Itinerate Photographers

Cameras and darkroom equipment were bulky items in the 19th century. The chemical process was also more complicated in the years before celuloid films. Thus it was much easier for photographers to operate from a studio. Itinerate photography was feasible by the 1860s as demonstrated by Mathew Brady and the other Civil War photographers. These itinerate photographers moved by horse and buggy. Many smaller towns did not have photographic studios. Often rural residents rarely got to down so itinerate photographers went to them. Not all intinerate photgraphers operated by horse and buggy. There were also photographers which operated from trains. Photographers operated from railroad photgraphic galleries. These railroad photographers travelled from town to town while customers posed inside the train car.

Posing

One interesting aspect of studio photography is the poses portrayed. Here the technology was a major factor. Early photographers were working with extremely slow speed plates. Long exposures wee rquired during which the subject could not move. This is why the poses are so uniformly stiff. It is also why the subjects is usually seated. There were also commonly stands in the back to hold the head still. In many portraits you can see the base of the stand. This is also why so many facial expressions are so solemn. It was difficult to hold a smile for an extended period. Modern observers often comment on how unhappy the children in these old portraits look and sometimes attribute it to their dislike of the often fancy clohing they are wearing. Much more likely is that the photographer discouraged them from smiling so a change in expression over the length of the exposure would not spoil the image. Of course this is a far cry from the modern photographer with fast film speeds who does his best to get the subjets, especially the children, to smile. An interesting aspect of old family portraits is who is responsible for the pose, the parents or the photograper. This is of interest as the pose suggests family relationships, a topic of some interest to HBC.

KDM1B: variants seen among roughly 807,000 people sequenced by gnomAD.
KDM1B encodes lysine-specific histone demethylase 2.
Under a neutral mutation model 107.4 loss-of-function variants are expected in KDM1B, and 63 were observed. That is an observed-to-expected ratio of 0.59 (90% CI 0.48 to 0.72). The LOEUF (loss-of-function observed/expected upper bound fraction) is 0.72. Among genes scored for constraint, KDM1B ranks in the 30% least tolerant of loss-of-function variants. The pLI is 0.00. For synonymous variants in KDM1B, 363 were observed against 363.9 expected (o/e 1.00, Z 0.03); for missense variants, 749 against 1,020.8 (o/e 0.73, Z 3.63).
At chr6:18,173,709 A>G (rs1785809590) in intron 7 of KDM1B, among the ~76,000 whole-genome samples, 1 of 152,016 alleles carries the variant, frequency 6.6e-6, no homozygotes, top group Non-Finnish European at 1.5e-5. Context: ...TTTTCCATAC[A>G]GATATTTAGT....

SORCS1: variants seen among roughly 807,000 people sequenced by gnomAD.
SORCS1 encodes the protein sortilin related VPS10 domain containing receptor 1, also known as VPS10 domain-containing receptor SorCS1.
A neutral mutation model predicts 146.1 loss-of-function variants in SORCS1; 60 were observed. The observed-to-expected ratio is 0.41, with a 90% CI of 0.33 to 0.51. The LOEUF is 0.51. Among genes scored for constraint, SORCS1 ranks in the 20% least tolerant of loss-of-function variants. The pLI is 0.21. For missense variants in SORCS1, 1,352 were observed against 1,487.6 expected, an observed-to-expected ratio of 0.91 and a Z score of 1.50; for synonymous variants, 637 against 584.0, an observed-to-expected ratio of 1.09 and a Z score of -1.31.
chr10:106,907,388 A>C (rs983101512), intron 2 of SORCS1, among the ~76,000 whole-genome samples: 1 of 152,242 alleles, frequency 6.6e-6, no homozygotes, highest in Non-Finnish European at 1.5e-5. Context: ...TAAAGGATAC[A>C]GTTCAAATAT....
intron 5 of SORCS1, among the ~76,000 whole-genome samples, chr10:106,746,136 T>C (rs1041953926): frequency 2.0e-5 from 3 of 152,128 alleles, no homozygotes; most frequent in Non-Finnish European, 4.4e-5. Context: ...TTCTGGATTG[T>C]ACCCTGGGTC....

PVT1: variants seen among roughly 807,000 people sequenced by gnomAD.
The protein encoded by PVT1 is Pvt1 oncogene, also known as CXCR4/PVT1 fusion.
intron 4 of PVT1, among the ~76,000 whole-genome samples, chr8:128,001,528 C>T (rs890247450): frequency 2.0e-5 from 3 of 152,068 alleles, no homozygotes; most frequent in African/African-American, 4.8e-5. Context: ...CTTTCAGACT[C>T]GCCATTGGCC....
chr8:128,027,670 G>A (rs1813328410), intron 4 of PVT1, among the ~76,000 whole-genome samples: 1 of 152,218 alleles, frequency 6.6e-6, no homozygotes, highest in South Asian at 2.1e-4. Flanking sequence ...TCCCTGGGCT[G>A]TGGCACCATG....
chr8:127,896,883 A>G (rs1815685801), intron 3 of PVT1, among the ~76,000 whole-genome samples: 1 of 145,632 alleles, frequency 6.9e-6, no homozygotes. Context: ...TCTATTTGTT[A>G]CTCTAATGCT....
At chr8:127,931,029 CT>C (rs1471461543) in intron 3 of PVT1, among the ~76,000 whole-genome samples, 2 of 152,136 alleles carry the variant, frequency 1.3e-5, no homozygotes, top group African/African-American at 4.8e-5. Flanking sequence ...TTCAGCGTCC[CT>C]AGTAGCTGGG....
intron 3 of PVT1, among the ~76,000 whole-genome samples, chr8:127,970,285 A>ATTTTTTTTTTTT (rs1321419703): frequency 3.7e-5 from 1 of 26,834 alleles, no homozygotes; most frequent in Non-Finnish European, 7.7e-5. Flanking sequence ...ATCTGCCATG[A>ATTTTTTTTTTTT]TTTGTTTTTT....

Studio Mount

The studio mounts on which CDVs and cabinent cards were pasted ontained a great deal of useful information. CDV and cabinent studio portraits in the 19th century which appeared in the 1860s almost always had the name of the studio and the city, and sometimes the address on the front. Thus we usually know where the portraits were taken. There also was sometimes printing on the back providing more information on the studio. This might include prizes they have won. This seems more common in Europe than America. And as some are dated, the awards can assist in dating the images. The style of the mount can also be useful in dating the portrait. Sometimes the parents have written a note identifing the individuals pictured, but in many portraits there is no such added written information. After the turn-of 20th century snapshots become common and studios developed new kinds of mounts and holders that did not indicate where the portraits were taken. Often the mount and the portrait were separable. One problem in using the information on the studio mounts is that the country is mot normally specified.








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Created: March 4, 2000
Last updated: 12:11 AM 6/10/2010